About chickens vs chooks...

Discussion in 'New Member Introductions' started by josham, Jul 24, 2014.

  1. josham

    josham Hatching

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    BOR-R-R-K book-book-book, BOR-R-R-R-K book-book-book-book.... (That's my interpretation of chook language for "hi there")

    Wow, this sure is one popular spot, I see. Guess it's not surprising, so many people are into chooks. Apparently there are over 24 billion of them in the world, or more than 3 for every person. I've got 4 of 'em myself, but wouldn't have a clue what breed they are or anything, bit of a mixture of everything I'd say, just mangy old scavenging backyard chooks, don't hardly lay any eggs, I'm thinking of giving 'em the chop...

    Anyways, I recently discovered that Americans, maybe even Brits, don't call them chooks. Seems it's mainly an Aussie thing. Well, I'm on a mission to get the name "chooks" popularised throughout the English-speaking world. Why? Because it's such a great name for them! I mean, it seems linguistically impoverished to me, not to be able to call them chooks. It's so apt! When you call them, you go: "he-e-e-ere, chook-chook-chook-chook!" It just suits them down to the ground! They're chooks! The name just fits!

    Well, best for now,
    B-O-O-ORK book-book... CHOOK!
     
  2. Michael OShay

    Michael OShay Crowing

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    G'day, and welcome to BYC! Glad you decided to join our flock. I don't know if "chook" will ever replace "chicken" in the American English language, but it's definitely quicker and easier to say, just one syllable as opposed to two. If you want to post pics of your chooks, maybe we can identify the breeds for you (or at least confirm that they are a mix and not pure breeds). Good luck with your chooks.
     
  3. IttyBiddyRedHen

    IttyBiddyRedHen Songster

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    I am an American and I call my birds "chooks"! I didn't realize it was an Aussie term till another internet friend told me it was. I use the term here though, and nobody knows what I am talking about [​IMG]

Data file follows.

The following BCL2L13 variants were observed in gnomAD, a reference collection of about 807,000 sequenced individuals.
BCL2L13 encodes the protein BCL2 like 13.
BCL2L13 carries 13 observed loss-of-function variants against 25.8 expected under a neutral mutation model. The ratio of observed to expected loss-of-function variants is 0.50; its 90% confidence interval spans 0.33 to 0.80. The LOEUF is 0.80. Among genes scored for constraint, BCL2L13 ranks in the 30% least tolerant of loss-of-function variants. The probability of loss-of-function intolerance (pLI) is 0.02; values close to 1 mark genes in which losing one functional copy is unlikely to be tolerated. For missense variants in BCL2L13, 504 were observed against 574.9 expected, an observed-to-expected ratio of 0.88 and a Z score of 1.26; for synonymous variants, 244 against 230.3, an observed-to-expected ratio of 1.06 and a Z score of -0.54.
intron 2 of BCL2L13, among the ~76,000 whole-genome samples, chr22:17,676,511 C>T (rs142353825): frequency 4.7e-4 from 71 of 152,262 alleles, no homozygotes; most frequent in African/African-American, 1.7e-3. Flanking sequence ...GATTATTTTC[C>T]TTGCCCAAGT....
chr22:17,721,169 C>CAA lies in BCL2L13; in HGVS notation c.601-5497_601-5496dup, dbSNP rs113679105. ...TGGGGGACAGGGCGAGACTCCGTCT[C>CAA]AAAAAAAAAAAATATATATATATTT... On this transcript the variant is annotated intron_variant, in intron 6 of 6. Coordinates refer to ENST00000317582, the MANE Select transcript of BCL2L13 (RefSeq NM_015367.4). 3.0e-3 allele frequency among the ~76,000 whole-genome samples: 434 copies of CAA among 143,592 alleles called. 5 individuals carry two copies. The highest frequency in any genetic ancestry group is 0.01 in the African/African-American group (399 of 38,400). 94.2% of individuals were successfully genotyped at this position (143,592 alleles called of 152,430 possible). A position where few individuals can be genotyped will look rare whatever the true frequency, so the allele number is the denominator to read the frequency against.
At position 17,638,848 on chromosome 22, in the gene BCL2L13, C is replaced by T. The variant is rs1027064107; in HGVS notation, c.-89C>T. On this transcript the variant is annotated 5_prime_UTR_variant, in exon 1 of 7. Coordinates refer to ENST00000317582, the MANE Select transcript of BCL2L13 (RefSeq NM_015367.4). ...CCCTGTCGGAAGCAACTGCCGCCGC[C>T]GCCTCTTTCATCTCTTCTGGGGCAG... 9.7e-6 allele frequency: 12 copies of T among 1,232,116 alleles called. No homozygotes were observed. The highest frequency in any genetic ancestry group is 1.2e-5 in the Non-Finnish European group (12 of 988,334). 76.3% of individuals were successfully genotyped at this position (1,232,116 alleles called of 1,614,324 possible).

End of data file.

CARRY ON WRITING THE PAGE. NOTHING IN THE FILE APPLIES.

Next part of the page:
4. Michael OShay

    Michael OShay Crowing

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    I know what chooks are, but you're the first American I've heard use the term (other than when talking to an Aussie). :eek:)
     
  5. IttyBiddyRedHen

    IttyBiddyRedHen Songster

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    Here..in south Carolina USA.....or on the internet to other American friends. Most people.....haven't the slightest clue about chickens. Then you try to educate them on male vs female.....pullet vs cockerel....... fertilized egg vs un-fertile egg [​IMG]
     
  6. happyhens1972

    happyhens1972 Songster

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    I am a Brit, proud owner of 28 gorgeous chooks....and yes, we do refer to them as chooks but in an affectionate sense only rather than as a label....so if I was talking to a stranger about the delights of chicken keeping, I would refer to them as chickens but when talking to family and friends, they are my chooks.....a bit like referring to my children as my kids, I guess....it's a term of endearment.
     
  7. vehve

    vehve The Token Finn

    I vote for the Finnish "Kana" instead. You can easily call them by going "kanakanakanakana", and they come running to their coop immediately! (There might have been some conditioning to this involved though, I don't guarantee that it works.)
     
  8. TwoCrows

    TwoCrows Bird is the Word Staff Member Premium Member 7 Years

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    Hello there and welcome to BYC! [​IMG]

    I have heard a few people call hens "biddies". Not sure what continent that comes from. [​IMG] Of course any rooster you name after food has his destiny all planned out for him. [​IMG]

    This is the place to be when you own poultry! Make yourself at home here and welcome to our flock!
     
  9. Kelsie2290

    Kelsie2290 Free Ranging Premium Member

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    Hello :frow and Welcome To BYC! Funny, when my German relatives call my chickens they say hennahennahenna, when I call them I say chickchickchick, seems as long as you are holding the treat bucket the chickens apparently understand multiple languages......
     
  10. N F C

    N F C you heard the cat, smile! Premium Member Project Manager

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    Yep, the language of "food" works!
     

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